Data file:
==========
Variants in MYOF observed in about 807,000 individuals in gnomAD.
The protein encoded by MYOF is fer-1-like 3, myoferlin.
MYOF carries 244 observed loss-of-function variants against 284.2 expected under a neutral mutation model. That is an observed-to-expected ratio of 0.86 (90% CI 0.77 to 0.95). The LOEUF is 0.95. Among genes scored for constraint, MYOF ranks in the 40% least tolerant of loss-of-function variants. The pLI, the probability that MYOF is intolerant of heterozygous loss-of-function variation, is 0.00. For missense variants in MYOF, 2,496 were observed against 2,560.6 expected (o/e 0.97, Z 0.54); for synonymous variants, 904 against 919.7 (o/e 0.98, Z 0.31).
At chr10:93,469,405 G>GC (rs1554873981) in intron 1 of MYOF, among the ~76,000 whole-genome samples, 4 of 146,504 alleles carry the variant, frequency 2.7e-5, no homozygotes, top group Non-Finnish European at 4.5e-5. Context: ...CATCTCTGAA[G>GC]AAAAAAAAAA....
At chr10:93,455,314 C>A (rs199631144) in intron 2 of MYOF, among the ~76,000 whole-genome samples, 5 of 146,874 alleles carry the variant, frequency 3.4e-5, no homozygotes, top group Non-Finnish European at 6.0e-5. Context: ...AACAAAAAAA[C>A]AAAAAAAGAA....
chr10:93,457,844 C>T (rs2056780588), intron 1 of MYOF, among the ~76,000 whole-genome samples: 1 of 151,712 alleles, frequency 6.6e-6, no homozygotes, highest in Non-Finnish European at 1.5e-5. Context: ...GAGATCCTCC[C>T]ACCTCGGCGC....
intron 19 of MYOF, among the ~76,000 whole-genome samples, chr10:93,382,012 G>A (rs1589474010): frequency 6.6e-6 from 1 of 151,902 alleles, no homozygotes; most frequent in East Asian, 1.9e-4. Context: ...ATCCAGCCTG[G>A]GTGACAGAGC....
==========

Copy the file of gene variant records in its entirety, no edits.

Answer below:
Variants in MYOF observed in about 807,000 individuals in gnomAD.
The protein encoded by MYOF is fer-1-like 3, myoferlin.
MYOF carries 244 observed loss-of-function variants against 284.2 expected under a neutral mutation model. That is an observed-to-expected ratio of 0.86 (90% CI 0.77 to 0.95). The LOEUF is 0.95. Among genes scored for constraint, MYOF ranks in the 40% least tolerant of loss-of-function variants. The pLI, the probability that MYOF is intolerant of heterozygous loss-of-function variation, is 0.00. For missense variants in MYOF, 2,496 were observed against 2,560.6 expected (o/e 0.97, Z 0.54); for synonymous variants, 904 against 919.7 (o/e 0.98, Z 0.31).
At chr10:93,469,405 G>GC (rs1554873981) in intron 1 of MYOF, among the ~76,000 whole-genome samples, 4 of 146,504 alleles carry the variant, frequency 2.7e-5, no homozygotes, top group Non-Finnish European at 4.5e-5. Context: ...CATCTCTGAA[G>GC]AAAAAAAAAA....
At chr10:93,455,314 C>A (rs199631144) in intron 2 of MYOF, among the ~76,000 whole-genome samples, 5 of 146,874 alleles carry the variant, frequency 3.4e-5, no homozygotes, top group Non-Finnish European at 6.0e-5. Context: ...AACAAAAAAA[C>A]AAAAAAAGAA....
chr10:93,457,844 C>T (rs2056780588), intron 1 of MYOF, among the ~76,000 whole-genome samples: 1 of 151,712 alleles, frequency 6.6e-6, no homozygotes, highest in Non-Finnish European at 1.5e-5. Context: ...GAGATCCTCC[C>T]ACCTCGGCGC....
intron 19 of MYOF, among the ~76,000 whole-genome samples, chr10:93,382,012 G>A (rs1589474010): frequency 6.6e-6 from 1 of 151,902 alleles, no homozygotes; most frequent in East Asian, 1.9e-4. Context: ...ATCCAGCCTG[G>A]GTGACAGAGC....